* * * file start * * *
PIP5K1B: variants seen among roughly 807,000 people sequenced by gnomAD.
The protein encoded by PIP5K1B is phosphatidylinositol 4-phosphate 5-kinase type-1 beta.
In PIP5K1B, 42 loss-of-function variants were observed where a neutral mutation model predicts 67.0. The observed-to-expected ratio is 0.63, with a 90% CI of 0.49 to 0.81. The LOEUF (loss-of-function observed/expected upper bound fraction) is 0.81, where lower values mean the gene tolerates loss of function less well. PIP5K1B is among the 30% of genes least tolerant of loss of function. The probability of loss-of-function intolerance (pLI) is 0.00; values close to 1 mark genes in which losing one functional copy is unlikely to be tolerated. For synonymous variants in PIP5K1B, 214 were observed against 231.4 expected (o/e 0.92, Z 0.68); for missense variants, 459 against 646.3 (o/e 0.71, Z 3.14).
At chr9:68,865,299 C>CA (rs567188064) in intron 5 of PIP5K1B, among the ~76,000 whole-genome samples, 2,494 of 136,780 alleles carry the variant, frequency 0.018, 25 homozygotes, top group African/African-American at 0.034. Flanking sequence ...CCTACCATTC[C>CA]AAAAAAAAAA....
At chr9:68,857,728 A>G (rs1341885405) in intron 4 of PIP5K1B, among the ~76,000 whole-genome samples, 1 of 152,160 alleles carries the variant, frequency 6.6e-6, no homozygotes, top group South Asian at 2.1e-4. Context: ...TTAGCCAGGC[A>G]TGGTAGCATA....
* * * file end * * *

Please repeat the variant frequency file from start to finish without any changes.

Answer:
PIP5K1B: variants seen among roughly 807,000 people sequenced by gnomAD.
The protein encoded by PIP5K1B is phosphatidylinositol 4-phosphate 5-kinase type-1 beta.
In PIP5K1B, 42 loss-of-function variants were observed where a neutral mutation model predicts 67.0. The observed-to-expected ratio is 0.63, with a 90% CI of 0.49 to 0.81. The LOEUF (loss-of-function observed/expected upper bound fraction) is 0.81, where lower values mean the gene tolerates loss of function less well. PIP5K1B is among the 30% of genes least tolerant of loss of function. The probability of loss-of-function intolerance (pLI) is 0.00; values close to 1 mark genes in which losing one functional copy is unlikely to be tolerated. For synonymous variants in PIP5K1B, 214 were observed against 231.4 expected (o/e 0.92, Z 0.68); for missense variants, 459 against 646.3 (o/e 0.71, Z 3.14).
At chr9:68,865,299 C>CA (rs567188064) in intron 5 of PIP5K1B, among the ~76,000 whole-genome samples, 2,494 of 136,780 alleles carry the variant, frequency 0.018, 25 homozygotes, top group African/African-American at 0.034. Flanking sequence ...CCTACCATTC[C>CA]AAAAAAAAAA....
At chr9:68,857,728 A>G (rs1341885405) in intron 4 of PIP5K1B, among the ~76,000 whole-genome samples, 1 of 152,160 alleles carries the variant, frequency 6.6e-6, no homozygotes, top group South Asian at 2.1e-4. Context: ...TTAGCCAGGC[A>G]TGGTAGCATA....